Let’s be honest. The tools that serve us well for some parts of configuration are difficult to tie together and make work for large multi-node systems. They’re difficult (but plenty of shops have struggled through it) to make work for total install of individual systems, modern complex applications crossing a collection of interdependent servers compound those difficulties.

Users and lines of business don’t care about how many servers you had to set up. They really don’t. They care about the status of their application. Is it accessible, and is it performing? Those are the questions they want answers to, and neither of those say “server”, they both imply “application”.

And my example referenced above? Upgrading from a major release of OpenStack to a new one. Say Icehouse to Juno. There are changes in most of the underlying subsystems, often extreme ones as the OpenStack platform matures (OpenStack networking over previous releases springs to mind for extreme changes), and those changes need to be automated as much as possible, while still leaving IT in control of what is installed and how.

It is time to evolve what we are doing, and start utilizing something more complete. If you were to add “full stack” in front of server automation, it would be closer to what we need. We need full stack solutions that automate all of the steps outlined above, and the management of the resulting systems.

The difference between a long list that says “perform step one. Validate. Perform step two…” and a short sentence that says “Select machines to be part of this system, select which services run where, install all servers at once, from bare metal (or bare virtual metal) to functional application”. Is massive. It takes us from weeks or months to develop the systems and scripts to put the application online to hours or days. Add in the ability to expand and contract the node count dynamically, and the ability to monitor and maintain the nodes, and you have Warehouse Grade Automation.

This means more precious operations time can be spent making certain the systems are running at peak performance, or working on projects that will increase corporate revenues, while ensuring consistency across these complex systems.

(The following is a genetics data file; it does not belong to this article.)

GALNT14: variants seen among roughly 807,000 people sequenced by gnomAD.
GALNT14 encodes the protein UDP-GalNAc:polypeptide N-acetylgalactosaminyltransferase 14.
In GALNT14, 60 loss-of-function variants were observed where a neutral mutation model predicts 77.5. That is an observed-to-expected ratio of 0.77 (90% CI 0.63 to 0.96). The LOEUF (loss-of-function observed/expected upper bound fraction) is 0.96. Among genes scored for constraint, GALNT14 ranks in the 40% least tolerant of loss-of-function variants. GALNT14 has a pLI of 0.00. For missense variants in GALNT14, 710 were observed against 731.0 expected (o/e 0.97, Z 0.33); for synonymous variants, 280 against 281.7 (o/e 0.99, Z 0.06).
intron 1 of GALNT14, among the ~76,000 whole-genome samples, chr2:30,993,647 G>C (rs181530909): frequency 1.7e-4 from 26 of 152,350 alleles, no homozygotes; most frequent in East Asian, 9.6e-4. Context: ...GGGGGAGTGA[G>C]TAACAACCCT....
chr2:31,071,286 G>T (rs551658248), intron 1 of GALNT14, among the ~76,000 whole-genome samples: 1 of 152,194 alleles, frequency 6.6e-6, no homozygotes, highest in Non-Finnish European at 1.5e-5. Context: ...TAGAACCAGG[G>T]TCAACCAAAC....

PalletLoadOur Warehouse Grade Automation solution is StackIQ Boss, with StackIQ Pallets to offer a variety of Big Data, HPC, and OpenStack distributions, and finally, StackIQ Wires for those who wish to integrate corporate management platforms or create custom Pallets to install their own applications from bare-metal to functional.

But even if StackIQ isn’t on your radar, think about the change. Are we deploying individual nodes or entire software solutions? To me, it seems the answer must be entire software solutions, and those solutions should have a single install path that accommodates existing tools while offering the ability to do full-stack install and management out-of-the-box.

Because we can’t keep doing the same thing with a new generation of applications. We’ve tried that before, and eventually things must change to acknowledge the new reality.

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Don MacVittie is founder of Ingrained Technology, A technical advocacy and software development consultancy. He has experience in application development, architecture, infrastructure, technical writing,DevOps, and IT management. MacVittie holds a B.S. in Computer Science from Northern Michigan University, and an M.S. in Computer Science from Nova Southeastern University.